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We all know the power of the killer app. It's not just a support tool; it's a strategic weapon. Companies questing for killer apps generally focus all their firepower on the one area that promises to create the greatest competitive advantage. But a new breed of organization has upped the stakes: Amazon, Harrah's, Capital One, and the Boston Red Sox have all dominated their fields by deploying industrial-strength analytics across a wide variety of activities. At a time when firms in many industries offer similar products and use comparable technologies, business processes are among the few remaining points of differentiation--and analytics competitors wring every last drop of value from those processes. Employees hired for their expertise with numbers or trained to recognize their importance are armed with the best evidence and the best quantitative tools. As a result, they make the best decisions. In companies that compete on analytics, senior executives make it clear--from the top down--that analytics is central to strategy. Such organizations launch multiple initiatives involving complex data and statistical analysis, and quantitative activity is managed atthe enterprise (not departmental) level. In this article, professor Thomas H. Davenport lays out the characteristics and practices of these statistical masters and describes some of the very substantial changes other companies must undergo in order to compete on quantitative turf. As one would expect, the transformation requires a significant investment in technology, the accumulation of massive stores of data, and the formulation of company-wide strategies for managing the data. But, at least as important, it also requires executives' vocal, unswerving commitment and willingness to change the way employees think, work, and are treated.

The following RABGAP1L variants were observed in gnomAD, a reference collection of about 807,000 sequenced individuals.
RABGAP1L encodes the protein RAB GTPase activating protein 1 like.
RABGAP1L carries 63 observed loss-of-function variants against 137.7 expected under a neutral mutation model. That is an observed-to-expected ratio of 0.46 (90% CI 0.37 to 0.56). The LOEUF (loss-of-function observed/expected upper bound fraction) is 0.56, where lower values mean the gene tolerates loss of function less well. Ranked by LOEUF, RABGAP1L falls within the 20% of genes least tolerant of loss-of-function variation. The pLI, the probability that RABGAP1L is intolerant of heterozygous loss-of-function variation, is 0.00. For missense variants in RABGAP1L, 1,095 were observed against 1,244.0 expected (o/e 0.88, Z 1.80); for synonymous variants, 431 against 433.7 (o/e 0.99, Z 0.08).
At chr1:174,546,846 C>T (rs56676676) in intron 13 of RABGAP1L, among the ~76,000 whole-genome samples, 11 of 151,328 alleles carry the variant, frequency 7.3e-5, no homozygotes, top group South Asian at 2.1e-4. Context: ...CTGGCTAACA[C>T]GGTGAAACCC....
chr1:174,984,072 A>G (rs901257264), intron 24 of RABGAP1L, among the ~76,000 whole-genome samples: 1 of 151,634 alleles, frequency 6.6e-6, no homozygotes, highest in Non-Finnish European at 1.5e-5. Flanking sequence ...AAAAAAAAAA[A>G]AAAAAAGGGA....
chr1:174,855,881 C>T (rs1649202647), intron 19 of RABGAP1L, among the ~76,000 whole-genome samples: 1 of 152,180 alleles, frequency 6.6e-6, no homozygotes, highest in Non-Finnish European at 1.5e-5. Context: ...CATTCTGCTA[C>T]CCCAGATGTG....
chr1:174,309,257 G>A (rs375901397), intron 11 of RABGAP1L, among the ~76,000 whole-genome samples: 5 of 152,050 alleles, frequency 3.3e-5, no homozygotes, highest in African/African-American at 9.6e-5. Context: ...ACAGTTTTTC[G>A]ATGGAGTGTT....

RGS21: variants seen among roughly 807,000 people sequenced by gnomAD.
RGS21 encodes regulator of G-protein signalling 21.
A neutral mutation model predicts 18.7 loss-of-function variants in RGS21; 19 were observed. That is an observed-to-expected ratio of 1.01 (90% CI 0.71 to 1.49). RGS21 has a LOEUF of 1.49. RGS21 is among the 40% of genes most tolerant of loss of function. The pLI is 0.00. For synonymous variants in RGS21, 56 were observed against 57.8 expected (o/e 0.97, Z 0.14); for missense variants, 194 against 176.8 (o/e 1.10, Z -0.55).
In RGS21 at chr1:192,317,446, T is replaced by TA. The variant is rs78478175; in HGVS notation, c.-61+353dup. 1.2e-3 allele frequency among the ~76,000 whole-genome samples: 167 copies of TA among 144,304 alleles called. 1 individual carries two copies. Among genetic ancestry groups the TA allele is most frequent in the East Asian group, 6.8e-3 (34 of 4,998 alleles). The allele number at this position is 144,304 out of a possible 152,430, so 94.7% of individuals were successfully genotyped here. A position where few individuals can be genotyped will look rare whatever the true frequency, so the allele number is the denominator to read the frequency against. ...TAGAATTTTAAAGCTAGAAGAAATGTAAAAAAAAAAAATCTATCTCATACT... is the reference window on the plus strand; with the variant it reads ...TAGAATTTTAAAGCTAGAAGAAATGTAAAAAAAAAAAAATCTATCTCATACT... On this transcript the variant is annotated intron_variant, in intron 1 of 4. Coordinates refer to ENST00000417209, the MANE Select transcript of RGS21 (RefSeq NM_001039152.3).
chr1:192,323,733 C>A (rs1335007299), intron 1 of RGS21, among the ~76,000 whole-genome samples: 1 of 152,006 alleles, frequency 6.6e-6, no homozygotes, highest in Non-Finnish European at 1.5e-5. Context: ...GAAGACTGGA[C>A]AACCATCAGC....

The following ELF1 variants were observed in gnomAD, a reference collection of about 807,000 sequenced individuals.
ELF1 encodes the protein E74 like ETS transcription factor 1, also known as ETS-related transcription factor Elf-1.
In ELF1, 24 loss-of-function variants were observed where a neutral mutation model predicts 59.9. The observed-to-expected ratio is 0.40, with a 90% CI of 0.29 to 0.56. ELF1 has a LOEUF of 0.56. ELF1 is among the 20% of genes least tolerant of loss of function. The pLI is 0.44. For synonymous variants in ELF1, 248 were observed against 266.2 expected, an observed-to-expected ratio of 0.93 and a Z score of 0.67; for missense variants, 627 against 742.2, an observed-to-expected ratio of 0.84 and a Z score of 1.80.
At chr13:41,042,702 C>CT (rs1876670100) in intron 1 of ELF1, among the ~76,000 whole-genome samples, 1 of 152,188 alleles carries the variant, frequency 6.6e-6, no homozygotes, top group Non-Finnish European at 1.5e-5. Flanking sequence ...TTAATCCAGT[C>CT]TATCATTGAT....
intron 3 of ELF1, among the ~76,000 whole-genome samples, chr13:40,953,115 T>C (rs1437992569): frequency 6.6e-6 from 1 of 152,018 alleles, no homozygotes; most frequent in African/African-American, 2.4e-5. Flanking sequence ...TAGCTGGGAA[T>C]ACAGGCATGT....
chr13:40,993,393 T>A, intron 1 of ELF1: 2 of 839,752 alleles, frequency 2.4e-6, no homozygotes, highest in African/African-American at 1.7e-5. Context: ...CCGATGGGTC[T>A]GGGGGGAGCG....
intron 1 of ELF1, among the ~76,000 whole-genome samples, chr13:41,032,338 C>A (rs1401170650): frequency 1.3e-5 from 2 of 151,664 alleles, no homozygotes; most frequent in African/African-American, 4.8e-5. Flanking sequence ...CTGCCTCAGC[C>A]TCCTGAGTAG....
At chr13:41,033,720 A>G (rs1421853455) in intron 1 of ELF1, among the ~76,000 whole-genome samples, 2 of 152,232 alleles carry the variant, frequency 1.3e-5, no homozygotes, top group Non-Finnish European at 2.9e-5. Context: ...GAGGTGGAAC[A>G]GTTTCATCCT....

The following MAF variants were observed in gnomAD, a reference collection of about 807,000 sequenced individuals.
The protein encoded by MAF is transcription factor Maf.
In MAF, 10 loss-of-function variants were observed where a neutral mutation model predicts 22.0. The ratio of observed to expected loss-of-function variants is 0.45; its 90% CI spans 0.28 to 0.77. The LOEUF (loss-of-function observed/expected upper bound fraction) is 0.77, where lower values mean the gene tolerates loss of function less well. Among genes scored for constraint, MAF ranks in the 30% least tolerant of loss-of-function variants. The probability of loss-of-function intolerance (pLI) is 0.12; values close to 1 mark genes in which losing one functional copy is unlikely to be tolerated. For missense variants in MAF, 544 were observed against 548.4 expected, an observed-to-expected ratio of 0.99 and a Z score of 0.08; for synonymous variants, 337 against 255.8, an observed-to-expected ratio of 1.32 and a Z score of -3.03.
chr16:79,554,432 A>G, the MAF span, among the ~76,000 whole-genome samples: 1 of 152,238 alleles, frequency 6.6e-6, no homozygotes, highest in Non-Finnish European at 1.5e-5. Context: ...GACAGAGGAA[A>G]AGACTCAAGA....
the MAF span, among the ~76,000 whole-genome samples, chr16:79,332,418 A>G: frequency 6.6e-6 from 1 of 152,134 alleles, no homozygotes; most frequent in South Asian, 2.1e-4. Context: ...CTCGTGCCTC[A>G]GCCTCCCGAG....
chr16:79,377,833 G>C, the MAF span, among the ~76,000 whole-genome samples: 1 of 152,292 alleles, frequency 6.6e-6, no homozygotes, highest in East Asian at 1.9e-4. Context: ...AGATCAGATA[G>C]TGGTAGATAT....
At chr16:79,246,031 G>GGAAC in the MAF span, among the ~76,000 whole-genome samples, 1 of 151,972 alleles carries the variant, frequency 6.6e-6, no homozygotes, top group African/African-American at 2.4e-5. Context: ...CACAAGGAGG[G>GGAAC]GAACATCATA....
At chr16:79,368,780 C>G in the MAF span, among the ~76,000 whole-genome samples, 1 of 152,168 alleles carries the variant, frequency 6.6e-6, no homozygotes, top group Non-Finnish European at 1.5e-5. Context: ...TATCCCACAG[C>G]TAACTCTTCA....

There has been widespread investment in business intelligence/business analytics within industry because of the potential for improved managerial decision-making through mining the vast quantities of data collected by modern corporations; however, despite major recent curriculum changes in business schools There has been very little attention given to this field. This has been true of both research and teaching and is compounded by inadequate quantitative literacy possessed by U.S. students and antipathy towards quantitative literacy among faculty. This paper documents the importance of business intelligence within business and the programs offered by the 50 leading business schools. A pioneering minor in the field offered by one school is described.
Applied Predictive Analytics: Principles and Techniques for the Professional Data Analyst
  • D Abbott
Abbott, D. (2014). Applied Predictive Analytics: Principles and Techniques for the Professional Data Analyst, Wiley.
Five Pillars of Prescriptive Analytics Success
  • A Basu
Basu, A. (2013). Five Pillars of Prescriptive Analytics Success, Analytics Magazine, March-April, 8-12.